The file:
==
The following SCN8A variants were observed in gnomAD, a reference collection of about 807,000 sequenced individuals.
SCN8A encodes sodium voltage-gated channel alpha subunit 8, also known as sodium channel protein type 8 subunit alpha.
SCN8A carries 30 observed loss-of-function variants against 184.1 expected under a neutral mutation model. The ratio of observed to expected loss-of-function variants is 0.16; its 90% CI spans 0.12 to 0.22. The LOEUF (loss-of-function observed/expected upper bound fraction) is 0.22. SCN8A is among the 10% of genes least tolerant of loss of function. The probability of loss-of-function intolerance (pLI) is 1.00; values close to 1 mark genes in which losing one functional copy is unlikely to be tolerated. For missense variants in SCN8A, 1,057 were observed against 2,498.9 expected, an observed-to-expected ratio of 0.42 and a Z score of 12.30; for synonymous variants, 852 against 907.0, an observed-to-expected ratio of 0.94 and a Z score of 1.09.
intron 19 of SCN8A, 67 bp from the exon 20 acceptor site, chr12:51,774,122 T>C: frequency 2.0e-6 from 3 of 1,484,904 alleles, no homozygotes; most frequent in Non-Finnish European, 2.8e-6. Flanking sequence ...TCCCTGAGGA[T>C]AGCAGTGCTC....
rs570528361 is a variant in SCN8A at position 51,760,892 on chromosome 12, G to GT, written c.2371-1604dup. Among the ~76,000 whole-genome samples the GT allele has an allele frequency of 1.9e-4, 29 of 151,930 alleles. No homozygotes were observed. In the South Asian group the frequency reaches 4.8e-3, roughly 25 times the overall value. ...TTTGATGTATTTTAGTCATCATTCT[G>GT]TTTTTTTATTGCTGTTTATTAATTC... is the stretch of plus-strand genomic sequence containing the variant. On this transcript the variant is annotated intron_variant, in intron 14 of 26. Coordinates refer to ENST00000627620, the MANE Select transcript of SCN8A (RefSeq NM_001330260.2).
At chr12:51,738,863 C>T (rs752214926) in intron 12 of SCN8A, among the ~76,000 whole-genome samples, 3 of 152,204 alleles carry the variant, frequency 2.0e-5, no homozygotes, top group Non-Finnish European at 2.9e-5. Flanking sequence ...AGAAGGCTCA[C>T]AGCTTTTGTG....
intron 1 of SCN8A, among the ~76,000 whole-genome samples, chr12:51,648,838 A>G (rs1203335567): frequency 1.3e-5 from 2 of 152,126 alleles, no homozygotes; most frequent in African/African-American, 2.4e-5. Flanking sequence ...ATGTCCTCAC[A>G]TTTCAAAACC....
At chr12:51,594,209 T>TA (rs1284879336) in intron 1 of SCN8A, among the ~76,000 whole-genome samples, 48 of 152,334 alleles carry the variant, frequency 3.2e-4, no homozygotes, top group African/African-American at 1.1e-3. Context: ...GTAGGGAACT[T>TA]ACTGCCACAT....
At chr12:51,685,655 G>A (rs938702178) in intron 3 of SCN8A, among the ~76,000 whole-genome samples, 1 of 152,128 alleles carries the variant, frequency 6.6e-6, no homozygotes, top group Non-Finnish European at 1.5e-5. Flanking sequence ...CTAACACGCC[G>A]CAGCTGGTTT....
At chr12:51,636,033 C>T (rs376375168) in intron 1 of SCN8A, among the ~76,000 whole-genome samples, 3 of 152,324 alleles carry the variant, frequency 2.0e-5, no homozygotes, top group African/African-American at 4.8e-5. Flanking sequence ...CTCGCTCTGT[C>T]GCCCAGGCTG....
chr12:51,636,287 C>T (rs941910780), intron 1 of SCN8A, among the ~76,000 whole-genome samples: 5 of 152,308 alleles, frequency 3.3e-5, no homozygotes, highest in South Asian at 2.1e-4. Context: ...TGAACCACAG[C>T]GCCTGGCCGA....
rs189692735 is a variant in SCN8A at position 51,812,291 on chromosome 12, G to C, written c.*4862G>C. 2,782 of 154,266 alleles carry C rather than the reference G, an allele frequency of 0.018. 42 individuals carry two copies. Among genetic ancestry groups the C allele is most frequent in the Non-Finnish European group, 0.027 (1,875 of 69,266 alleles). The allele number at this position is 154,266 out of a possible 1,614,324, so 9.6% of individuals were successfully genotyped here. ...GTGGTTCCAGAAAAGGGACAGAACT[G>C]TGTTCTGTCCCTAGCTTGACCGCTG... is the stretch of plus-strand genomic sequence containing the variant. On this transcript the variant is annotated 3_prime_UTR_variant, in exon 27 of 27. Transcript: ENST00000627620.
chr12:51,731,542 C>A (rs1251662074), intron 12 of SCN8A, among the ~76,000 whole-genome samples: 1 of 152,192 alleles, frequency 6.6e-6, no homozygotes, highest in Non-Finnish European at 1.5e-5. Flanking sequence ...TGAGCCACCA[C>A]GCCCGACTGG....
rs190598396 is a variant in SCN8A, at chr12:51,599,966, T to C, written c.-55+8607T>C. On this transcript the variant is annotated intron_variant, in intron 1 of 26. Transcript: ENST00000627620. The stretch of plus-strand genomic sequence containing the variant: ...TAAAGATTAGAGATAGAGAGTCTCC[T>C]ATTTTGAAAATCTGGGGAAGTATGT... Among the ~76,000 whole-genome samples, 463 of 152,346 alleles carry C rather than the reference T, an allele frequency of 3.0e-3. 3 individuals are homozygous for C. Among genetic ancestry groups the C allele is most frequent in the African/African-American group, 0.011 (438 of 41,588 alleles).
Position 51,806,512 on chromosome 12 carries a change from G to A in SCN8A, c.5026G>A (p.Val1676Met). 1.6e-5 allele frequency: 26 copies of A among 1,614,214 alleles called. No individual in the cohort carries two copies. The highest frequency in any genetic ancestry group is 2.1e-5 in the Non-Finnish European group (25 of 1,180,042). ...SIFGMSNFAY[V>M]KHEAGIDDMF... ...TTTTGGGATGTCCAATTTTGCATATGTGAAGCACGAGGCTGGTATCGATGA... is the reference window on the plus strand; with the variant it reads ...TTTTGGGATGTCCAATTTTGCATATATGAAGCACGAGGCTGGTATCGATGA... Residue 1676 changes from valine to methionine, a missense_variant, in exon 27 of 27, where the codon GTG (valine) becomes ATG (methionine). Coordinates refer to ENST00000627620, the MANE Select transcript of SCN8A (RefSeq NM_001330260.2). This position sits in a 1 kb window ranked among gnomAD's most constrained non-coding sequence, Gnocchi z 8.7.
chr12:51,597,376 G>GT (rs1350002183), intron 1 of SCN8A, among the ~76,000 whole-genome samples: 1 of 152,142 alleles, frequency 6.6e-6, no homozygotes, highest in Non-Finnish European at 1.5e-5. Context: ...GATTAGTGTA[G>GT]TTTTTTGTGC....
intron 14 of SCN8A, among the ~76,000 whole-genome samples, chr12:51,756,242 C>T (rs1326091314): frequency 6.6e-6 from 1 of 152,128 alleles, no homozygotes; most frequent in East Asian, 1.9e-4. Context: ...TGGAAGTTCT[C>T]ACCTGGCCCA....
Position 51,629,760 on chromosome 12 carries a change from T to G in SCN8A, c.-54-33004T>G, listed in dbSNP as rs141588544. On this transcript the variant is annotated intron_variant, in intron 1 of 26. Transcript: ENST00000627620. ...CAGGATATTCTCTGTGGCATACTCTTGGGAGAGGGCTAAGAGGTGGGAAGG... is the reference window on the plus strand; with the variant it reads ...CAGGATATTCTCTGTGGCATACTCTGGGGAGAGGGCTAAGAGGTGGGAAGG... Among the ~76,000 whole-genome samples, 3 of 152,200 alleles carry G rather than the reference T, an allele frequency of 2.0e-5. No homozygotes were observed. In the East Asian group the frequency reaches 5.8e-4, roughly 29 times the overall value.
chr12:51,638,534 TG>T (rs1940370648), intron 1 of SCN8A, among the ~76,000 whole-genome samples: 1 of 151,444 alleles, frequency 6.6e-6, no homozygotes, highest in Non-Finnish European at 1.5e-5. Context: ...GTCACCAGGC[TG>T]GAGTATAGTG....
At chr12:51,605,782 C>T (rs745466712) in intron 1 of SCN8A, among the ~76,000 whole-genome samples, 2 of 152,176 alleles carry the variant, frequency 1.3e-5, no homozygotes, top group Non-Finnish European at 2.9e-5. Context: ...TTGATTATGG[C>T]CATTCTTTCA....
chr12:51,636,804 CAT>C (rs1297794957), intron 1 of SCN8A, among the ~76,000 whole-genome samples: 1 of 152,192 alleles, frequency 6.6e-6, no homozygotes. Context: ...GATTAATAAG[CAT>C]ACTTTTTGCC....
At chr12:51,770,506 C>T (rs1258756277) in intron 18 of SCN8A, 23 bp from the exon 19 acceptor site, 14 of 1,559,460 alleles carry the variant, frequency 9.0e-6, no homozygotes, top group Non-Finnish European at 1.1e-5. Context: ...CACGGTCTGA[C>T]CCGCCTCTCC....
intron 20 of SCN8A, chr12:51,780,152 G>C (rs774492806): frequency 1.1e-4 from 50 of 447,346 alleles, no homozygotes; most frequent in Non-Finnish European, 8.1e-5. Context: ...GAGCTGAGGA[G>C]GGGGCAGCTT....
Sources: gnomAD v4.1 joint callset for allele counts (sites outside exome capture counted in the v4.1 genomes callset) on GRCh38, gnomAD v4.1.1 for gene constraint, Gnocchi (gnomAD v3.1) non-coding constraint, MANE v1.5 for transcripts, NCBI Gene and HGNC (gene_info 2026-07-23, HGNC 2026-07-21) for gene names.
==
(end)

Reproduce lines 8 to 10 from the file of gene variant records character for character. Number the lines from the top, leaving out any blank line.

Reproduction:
At chr12:51,594,209 T>TA (rs1284879336) in intron 1 of SCN8A, among the ~76,000 whole-genome samples, 48 of 152,334 alleles carry the variant, frequency 3.2e-4, no homozygotes, top group African/African-American at 1.1e-3. Context: ...GTAGGGAACT[T>TA]ACTGCCACAT....
At chr12:51,685,655 G>A (rs938702178) in intron 3 of SCN8A, among the ~76,000 whole-genome samples, 1 of 152,128 alleles carries the variant, frequency 6.6e-6, no homozygotes, top group Non-Finnish European at 1.5e-5. Flanking sequence ...CTAACACGCC[G>A]CAGCTGGTTT....
At chr12:51,636,033 C>T (rs376375168) in intron 1 of SCN8A, among the ~76,000 whole-genome samples, 3 of 152,324 alleles carry the variant, frequency 2.0e-5, no homozygotes, top group African/African-American at 4.8e-5. Flanking sequence ...CTCGCTCTGT[C>T]GCCCAGGCTG....